Echoes

*Disclaimer: May be disturbing for some readers

Billy stood with his mother near the edge of the precipice, looking down into the valley below. Pinion pines, fir trees and aspens, some tall enough to reach out and touch–if he didn’t want to fall, that is–marched their way down to the edge of the river; and far, far across from them, he could see the rocky side of a mountain.

He cupped his hands around his mouth. “Hello!” he called. “I am Billy!” He waited for his echo to come bouncing back to him across the valley.

Nothing.

Perplexed, he looked up at his mother. “What’s wrong with my echo?” he asked.

Helena smiled and put an arm around his shoulder, patting him reassuringly. “Oh,” she said, “Snow probably muffles the sound.”

“Snow? What snn–?” Billy stared, jaw agape. Snow covered every surface. In the bright sunlight, it sparkled extravagantly from treetops and mountainside. The river below was frozen.

A gust of wind blew sheets of it from the pines, casting iridescent flashes across the valley below. The colors were blindingly brilliant, and Billy gasped in delight.

How had he missed the snow a moment before? He would have sworn–

“The world is full of beauty,” Helena sighed. “I forgot about that.”

“What?”

Helena smiled distractedly and pulled Billy into her arms for a long hug. Billy hugged back. It was nice to get a hug from his mother. She usually wasn’t still long enough for an enduring hug like this one.

“Why don’t echoes work in the snow?”

“I don’t know, baby. Maybe they do. Maybe I’m wrong.”

Billy cupped one hand around his mouth, still hugging his mother with the other arm. “Hello?” he called.

There was still no answering echo.

He didn’t like that. “Where are we?” he asked.

“Here.”

“Yeah, but–“

“Isn’t it lovely?”

It was. The snow glittered and flashed, the treetops swayed, colors splashed across the ice on the river below, and everything was gorgeous.

They stood looking, watching the snow blow in whirling dervishes as the wind changed directions. Billy frowned and looked up at his mother. Her chestnut hair hung to her waist, unmoving. His own hair was still.

It was so very odd. Their hair should be thrashing around their heads. Not only that, but he realized he didn’t feel cold.

He was trying not to be scared. “Mom?” he asked. “Are we going soon?”

“I think so.”

Billy looked around. There was no road that he could see, and no footpath, either. “Where’s the car?”

“Oh,” Helena remarked unconcernedly, “It’s around here somewhere, I guess.”

“I don’t remember…” Billy’s voice trailed off. He felt more than uneasy. Nothing was right. “How did we get up here? Did we walk?”

He was wearing an old Alice Cooper t-shirt that had belonged to his father. It was his favorite, and was nearly transparent with age. He had on cargo shorts and ratty old huaraches. He should have been freezing.

“Mom?” He had so many questions! But before he could ask–

“Billy?”

Billy turned to see who had called his name. His great-grandparents stood a few feet away. “Gigi Ma! Grampy!” He pulled out of his mother’s embrace and ran to them.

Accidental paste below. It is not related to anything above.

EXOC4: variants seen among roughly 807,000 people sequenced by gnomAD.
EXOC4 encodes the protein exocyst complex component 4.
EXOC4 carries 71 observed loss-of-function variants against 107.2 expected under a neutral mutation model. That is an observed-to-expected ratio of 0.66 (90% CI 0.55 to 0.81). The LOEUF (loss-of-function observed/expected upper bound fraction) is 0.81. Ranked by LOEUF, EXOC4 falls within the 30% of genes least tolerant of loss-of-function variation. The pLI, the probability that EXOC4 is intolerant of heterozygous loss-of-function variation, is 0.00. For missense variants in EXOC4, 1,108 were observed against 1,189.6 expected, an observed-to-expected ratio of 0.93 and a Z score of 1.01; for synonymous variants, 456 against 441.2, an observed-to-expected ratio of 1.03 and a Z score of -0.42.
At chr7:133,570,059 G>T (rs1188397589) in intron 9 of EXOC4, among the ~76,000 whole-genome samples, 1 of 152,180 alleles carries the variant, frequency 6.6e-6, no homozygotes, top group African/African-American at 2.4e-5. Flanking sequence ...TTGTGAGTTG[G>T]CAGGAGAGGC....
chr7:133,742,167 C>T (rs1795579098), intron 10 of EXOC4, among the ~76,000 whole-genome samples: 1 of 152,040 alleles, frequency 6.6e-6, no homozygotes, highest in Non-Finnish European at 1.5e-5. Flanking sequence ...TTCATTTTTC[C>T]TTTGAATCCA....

Helena gave a low moan of despair and lowered her empty arms to her sides.

Gigi hugged Billy tightly. Grampy feigned offering a handshake–very manly–and then pulled him in for a fierce hug, too. “Where have you been?” Billy demanded. “I missed you so much!”

Gigi looked over at her granddaughter, who hadn’t moved. “Helena,” she said.

“Hello, Grandma.” She looked at Grampy. “Hello, Grandpa. You look well.”

“We are,” Grampy replied.

“Oh, Helena,” Gigi sighed.

Billy watched this exchange with some alarm.

“I wondered who would come,” Helena said, and smiled. “I’m glad it’s you.”

“Mom?” Billy pulled away from Grampy and started running back to his mother. No matter how fast he ran, she never got any closer. “Mom, what’s happening?”

“No going backward,” Grampy said. Billy turned toward him, and he was right there. “We can only go forward from here.”

“We?” Billy looked back at his mother. “Mom?”

“I love you, Billy.” Still, she didn’t move. She stood at the very edge, hands at her sides, and she smiled at him. “Remember that. Go with Gigi and Grampy, now.”

She looked at her grandmother. “Take him quickly,” she said quietly. “I don’t want him to…to see what’s next.”

She turned to her grandfather. “I never did know anything,” she said. “I never could answer his questions. Tell him about echoes.”

She turned away then, staring out across the valley. “I love you all forever.”

Billy’s hands were clasped by his great-grandparents, and suddenly they were rising. Up, up and further away, his mother seeming to shrink below him. “Mom? Moooooooommmmm!”

“It’s fine, son.”

Billy stared up into Grampy’s face. “Why can’t she come, too?”

“She knows why,” Gigi said.

Billy stared down, no longer able to make out more than an anonymous figure below. “Is she waving?”

“Of course.”

“I can’t see her!”

“No more looking back,” Gigi said. “Look ahead, Billy. See?”

A chunky corgi was waddling toward them, and started running when he saw Billy’s face. “Bunny!” Billy cried. “Oh, Bunny!” The dog leapt into his arms and licked his face. “Hello, girl! I missed you!”

Boy and dog raced ahead of the old couple. Grampy looked back, in spite of his own advise to Billy.

“Is she gone?” Gigi asked.

Grampy sighed. “Not yet.”

“Oh, Helena!” They followed Billy, shaking their heads. No more looking back.

Far below, Helena stood at the edge of the precipice. She wondered who would be coming for her. She cupped her hands around her mouth and called “Hello!”

Voices echoed back at her: “Helena! Helena!”

What had she done?

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